The City of Palatka is pleased to present to you this year's Water Quality Report. This report is designed to inform you about the quality water and services we deliver to you every day. It covers the period from January 1, 2022 through December 31, 2022. Our constant goal is to provide you with a safe and dependable supply of drinking water.
The City’s water supply is taken from groundwater sources. It is then aerated for hydrogen sulfide removal, pH adjustment, polyphosphate is added for corrosion control, and chlorinated for disinfection purposes. The City of Palatka has seven wells, which are located between Moody Road and Kay Larkin Drive on the west side of Palatka. The wells draw from the Floridian Aquifer. Over the period included in this report your water treatment system treated and supplied almost 618.7 million gallons of water to approximately 6000 service connections.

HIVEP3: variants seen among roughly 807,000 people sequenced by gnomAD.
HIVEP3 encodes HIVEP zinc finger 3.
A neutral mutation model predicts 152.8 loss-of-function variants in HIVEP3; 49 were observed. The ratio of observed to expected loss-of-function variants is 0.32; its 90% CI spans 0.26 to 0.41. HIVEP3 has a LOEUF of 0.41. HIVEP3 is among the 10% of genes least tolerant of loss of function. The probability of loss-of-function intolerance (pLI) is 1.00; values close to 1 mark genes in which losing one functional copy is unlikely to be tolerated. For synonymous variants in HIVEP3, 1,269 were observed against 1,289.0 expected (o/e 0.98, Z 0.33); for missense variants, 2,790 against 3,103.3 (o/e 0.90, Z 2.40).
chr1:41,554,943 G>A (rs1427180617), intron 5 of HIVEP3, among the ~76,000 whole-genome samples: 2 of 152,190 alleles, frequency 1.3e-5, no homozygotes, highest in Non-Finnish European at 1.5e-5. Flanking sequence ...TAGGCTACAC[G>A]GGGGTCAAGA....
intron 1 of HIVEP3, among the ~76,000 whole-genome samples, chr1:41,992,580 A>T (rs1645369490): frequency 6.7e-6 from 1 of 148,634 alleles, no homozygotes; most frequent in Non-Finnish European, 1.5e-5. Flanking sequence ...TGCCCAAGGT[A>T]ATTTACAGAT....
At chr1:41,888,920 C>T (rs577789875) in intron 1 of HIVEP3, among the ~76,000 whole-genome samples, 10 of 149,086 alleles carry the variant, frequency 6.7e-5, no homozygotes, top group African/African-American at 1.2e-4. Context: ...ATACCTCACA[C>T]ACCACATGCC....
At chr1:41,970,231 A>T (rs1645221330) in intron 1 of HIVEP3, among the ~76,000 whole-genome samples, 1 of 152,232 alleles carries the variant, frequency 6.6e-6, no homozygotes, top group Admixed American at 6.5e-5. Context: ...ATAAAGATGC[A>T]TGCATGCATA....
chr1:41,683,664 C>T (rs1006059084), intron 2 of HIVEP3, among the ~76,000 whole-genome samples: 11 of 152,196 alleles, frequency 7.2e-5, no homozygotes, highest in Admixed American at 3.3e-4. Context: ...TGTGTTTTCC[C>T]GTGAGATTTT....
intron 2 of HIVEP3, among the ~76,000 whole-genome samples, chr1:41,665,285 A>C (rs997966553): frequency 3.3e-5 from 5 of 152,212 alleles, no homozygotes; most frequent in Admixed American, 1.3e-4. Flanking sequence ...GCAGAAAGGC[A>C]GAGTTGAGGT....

In 2022, the Florida Department of Environmental Protection performed a Source Water Assessment on our system. The assessment was conducted to provide information about any potential sources of contamination in the vicinity of our wells. There is one potential sources of contamination identified for this system with a low susceptibility level. The assessment results are available on the FDEP SWAPP website at https://fldep.dep.state.fl.us/swapp/ or they can be obtained from R.C. Willis Water Plant at (386) 329-0144.
If you have any questions about this report or concerning your water utility, please contact Kayla Wylie at (386) 329-0144. We want our valued customers to be informed about their water utility. If you want to learn more, please attend any of our regularly scheduled meetings. They are held on the second and fourth Thursdays of each month at 6:00 PM at City Hall.